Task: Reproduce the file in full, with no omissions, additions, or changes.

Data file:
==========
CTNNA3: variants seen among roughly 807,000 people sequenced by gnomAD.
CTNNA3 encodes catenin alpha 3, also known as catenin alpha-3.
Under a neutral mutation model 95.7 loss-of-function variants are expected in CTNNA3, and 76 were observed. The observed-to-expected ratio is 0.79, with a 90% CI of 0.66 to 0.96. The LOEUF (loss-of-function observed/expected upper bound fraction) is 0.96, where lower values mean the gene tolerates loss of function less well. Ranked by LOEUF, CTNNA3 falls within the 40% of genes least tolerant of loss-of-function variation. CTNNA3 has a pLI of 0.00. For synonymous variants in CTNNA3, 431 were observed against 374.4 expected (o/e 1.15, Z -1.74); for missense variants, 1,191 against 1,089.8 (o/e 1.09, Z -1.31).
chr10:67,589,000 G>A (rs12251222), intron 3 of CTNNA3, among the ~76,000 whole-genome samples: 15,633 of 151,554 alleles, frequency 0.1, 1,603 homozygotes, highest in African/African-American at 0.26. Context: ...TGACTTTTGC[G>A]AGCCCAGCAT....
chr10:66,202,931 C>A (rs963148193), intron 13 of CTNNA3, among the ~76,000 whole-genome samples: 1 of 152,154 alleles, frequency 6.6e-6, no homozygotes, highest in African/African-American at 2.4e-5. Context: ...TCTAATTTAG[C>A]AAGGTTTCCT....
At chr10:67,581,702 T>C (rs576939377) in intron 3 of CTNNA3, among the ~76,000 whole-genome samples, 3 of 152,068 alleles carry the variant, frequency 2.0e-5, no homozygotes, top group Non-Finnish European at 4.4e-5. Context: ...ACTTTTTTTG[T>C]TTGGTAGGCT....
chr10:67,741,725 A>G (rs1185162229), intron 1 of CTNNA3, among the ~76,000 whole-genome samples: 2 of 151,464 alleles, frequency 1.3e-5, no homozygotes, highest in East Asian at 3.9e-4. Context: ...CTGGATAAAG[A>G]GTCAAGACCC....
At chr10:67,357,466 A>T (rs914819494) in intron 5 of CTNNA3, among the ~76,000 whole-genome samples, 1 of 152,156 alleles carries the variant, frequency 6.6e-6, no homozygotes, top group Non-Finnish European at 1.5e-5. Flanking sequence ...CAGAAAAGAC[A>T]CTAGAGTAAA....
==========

CTNNA3: variants seen among roughly 807,000 people sequenced by gnomAD.
CTNNA3 encodes catenin alpha 3, also known as catenin alpha-3.
Under a neutral mutation model 95.7 loss-of-function variants are expected in CTNNA3, and 76 were observed. The observed-to-expected ratio is 0.79, with a 90% CI of 0.66 to 0.96. The LOEUF (loss-of-function observed/expected upper bound fraction) is 0.96, where lower values mean the gene tolerates loss of function less well. Ranked by LOEUF, CTNNA3 falls within the 40% of genes least tolerant of loss-of-function variation. CTNNA3 has a pLI of 0.00. For synonymous variants in CTNNA3, 431 were observed against 374.4 expected (o/e 1.15, Z -1.74); for missense variants, 1,191 against 1,089.8 (o/e 1.09, Z -1.31).
chr10:67,589,000 G>A (rs12251222), intron 3 of CTNNA3, among the ~76,000 whole-genome samples: 15,633 of 151,554 alleles, frequency 0.1, 1,603 homozygotes, highest in African/African-American at 0.26. Context: ...TGACTTTTGC[G>A]AGCCCAGCAT....
chr10:66,202,931 C>A (rs963148193), intron 13 of CTNNA3, among the ~76,000 whole-genome samples: 1 of 152,154 alleles, frequency 6.6e-6, no homozygotes, highest in African/African-American at 2.4e-5. Context: ...TCTAATTTAG[C>A]AAGGTTTCCT....
At chr10:67,581,702 T>C (rs576939377) in intron 3 of CTNNA3, among the ~76,000 whole-genome samples, 3 of 152,068 alleles carry the variant, frequency 2.0e-5, no homozygotes, top group Non-Finnish European at 4.4e-5. Context: ...ACTTTTTTTG[T>C]TTGGTAGGCT....
chr10:67,741,725 A>G (rs1185162229), intron 1 of CTNNA3, among the ~76,000 whole-genome samples: 2 of 151,464 alleles, frequency 1.3e-5, no homozygotes, highest in East Asian at 3.9e-4. Context: ...CTGGATAAAG[A>G]GTCAAGACCC....
At chr10:67,357,466 A>T (rs914819494) in intron 5 of CTNNA3, among the ~76,000 whole-genome samples, 1 of 152,156 alleles carries the variant, frequency 6.6e-6, no homozygotes, top group Non-Finnish European at 1.5e-5. Flanking sequence ...CAGAAAAGAC[A>T]CTAGAGTAAA....